While I commend legislators on their continued efforts to update and reform the state tax code, I am concerned about the harmful effects taxing one of our most important and widespread sectors will have on North Carolina’s future.
Historically, North Carolina nonprofits received full refunds on the sales taxes they paid on items to support their charitable missions. Then, two years ago, the sales tax exemption for nonprofits was capped at $45 million. This year, the recently introduced Senate tax plan proposes phasing down this cap to $1 million by 2020. This tax plan delivers a one-two punch by also including charitable giving in a cap on all itemized deductions, nearly eliminating any state tax incentive for charitable giving. Now more than ever it is critical that nonprofits be able to maintain their tax exempt status, not only for the millions of North Carolinians they serve, but also for the economic health of the state.
As chairman of the Research Triangle Foundation of North Carolina, I have seen the importance and benefit of nonprofits and businesses collaborating together. With RTF, I have worked with nonprofits specializing in health research, scientific advancement and education. Nonprofit organizations often complement and work with for-profit businesses to advance their shared missions and serve their communities.
It is also important to remember that the nonprofit sector provides essential services such as health care, education, disaster relief, religious services, senior care, hunger relief and housing. By taking resources away from the nonprofit sector and undermining its ability to serve communities, legislators would be threatening the long-term prosperity of the state. Lawmakers have often stated that continuing to grow our economy relies on legislation that will encourage businesses to relocate to North Carolina. Nonprofits are a vital part of the fabric of our way of life. If we impose costly taxes on these organizations, I am concerned we will diminish our quality of life and discourage businesses from moving here or staying here.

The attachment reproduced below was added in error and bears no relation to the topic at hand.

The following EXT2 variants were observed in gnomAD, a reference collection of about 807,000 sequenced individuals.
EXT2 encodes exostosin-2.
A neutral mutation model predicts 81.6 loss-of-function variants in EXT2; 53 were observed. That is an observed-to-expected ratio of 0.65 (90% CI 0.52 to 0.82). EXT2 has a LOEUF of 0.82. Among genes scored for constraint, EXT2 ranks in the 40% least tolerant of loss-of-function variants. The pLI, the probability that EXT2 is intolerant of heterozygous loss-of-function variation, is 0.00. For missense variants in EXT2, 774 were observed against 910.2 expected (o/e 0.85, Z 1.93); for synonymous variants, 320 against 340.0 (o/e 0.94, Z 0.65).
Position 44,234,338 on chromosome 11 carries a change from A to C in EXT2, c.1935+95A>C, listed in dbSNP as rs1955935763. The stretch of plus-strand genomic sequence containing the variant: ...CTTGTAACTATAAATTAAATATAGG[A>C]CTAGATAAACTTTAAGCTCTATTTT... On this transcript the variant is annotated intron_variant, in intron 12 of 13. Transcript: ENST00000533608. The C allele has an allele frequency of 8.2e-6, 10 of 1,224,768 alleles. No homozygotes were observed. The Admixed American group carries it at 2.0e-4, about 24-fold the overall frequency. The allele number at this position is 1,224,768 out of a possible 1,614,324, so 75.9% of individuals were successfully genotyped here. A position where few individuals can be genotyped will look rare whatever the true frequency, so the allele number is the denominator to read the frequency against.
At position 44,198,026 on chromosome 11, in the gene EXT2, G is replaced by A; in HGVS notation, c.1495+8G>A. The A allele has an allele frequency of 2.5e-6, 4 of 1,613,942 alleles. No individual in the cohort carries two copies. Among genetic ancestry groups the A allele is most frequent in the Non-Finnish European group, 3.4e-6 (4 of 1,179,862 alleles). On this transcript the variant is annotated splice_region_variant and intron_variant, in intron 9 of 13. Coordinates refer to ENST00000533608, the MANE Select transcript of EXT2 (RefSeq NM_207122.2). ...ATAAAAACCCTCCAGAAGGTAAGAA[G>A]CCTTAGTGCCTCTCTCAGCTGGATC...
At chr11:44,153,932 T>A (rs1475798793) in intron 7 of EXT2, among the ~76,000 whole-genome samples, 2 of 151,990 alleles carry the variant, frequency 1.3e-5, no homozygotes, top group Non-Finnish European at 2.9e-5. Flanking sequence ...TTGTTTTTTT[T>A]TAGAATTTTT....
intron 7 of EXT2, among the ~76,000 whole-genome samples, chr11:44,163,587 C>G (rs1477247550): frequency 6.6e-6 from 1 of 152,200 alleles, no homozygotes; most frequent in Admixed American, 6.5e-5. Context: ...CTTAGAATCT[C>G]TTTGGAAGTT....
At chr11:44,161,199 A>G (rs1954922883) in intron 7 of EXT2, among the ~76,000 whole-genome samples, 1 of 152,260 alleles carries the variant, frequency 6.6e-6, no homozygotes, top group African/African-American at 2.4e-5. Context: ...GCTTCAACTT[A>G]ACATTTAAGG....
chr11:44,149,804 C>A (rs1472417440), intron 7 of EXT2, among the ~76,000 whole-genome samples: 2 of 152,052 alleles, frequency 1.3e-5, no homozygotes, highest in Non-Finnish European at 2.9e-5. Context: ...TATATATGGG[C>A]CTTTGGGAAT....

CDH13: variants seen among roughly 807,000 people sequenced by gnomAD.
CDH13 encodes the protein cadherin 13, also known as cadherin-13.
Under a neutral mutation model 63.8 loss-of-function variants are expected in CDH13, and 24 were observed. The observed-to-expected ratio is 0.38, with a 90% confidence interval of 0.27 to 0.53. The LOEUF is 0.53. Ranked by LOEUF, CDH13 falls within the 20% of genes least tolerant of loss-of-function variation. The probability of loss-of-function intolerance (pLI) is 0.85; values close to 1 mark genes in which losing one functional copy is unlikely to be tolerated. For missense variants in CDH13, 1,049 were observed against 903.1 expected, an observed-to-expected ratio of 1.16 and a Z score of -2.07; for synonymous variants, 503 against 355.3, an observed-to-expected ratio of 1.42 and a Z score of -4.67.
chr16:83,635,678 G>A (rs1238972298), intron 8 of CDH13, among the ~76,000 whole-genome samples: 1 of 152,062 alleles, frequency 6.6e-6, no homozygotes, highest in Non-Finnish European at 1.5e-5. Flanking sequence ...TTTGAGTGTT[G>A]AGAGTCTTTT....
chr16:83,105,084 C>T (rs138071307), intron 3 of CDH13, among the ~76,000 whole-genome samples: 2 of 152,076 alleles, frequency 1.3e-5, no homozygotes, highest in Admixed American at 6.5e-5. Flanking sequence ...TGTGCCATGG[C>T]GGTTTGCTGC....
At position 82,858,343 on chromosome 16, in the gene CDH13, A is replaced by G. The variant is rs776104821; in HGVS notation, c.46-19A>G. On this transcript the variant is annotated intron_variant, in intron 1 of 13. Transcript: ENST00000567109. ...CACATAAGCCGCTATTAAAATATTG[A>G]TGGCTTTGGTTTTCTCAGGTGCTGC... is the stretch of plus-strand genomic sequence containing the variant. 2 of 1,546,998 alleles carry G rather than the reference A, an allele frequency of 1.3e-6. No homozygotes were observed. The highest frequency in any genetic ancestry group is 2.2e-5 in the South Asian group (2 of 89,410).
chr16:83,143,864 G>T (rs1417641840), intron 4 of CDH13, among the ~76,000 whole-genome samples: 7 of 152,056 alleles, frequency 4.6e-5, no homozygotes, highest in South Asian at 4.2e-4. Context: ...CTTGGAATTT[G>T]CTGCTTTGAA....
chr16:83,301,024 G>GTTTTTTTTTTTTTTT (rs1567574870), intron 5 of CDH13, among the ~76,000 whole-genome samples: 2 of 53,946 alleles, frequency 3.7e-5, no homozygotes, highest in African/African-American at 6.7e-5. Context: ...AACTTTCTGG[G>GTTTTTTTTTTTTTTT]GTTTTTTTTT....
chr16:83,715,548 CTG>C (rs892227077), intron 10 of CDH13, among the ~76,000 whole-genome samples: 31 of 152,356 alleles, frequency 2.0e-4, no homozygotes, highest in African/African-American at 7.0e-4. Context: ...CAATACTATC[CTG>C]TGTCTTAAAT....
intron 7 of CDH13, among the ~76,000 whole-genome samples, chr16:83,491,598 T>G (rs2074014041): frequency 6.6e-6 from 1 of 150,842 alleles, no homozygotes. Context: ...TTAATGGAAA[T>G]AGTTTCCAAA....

Additionally, an increased financial burden would ultimately be passed on to taxpayers. In what may at first be perceived as a way to lower other taxes by imposing sales taxes on nonprofits, legislators may in fact be causing the opposite effect. Many nonprofits would have to reduce services, while others would cut jobs and be forced out of business. This will consequently drive up the demand for government services, which will lead to more taxpayer-supported assistance from the government.
Economic development, job creation and fairness in the tax code are goals of the legislature, but it is clear that levying additional taxes on the nonprofit sector is not the way to achieve these goals. When nonprofits are forced to cut services and close their doors, then businesses, taxpayers and the community lose. I urge legislators to protect North Carolina’s future and reject any additional proposed taxes for nonprofit organizations.
Robert A. Ingram is chairman of the Research Triangle Foundation of North Carolina.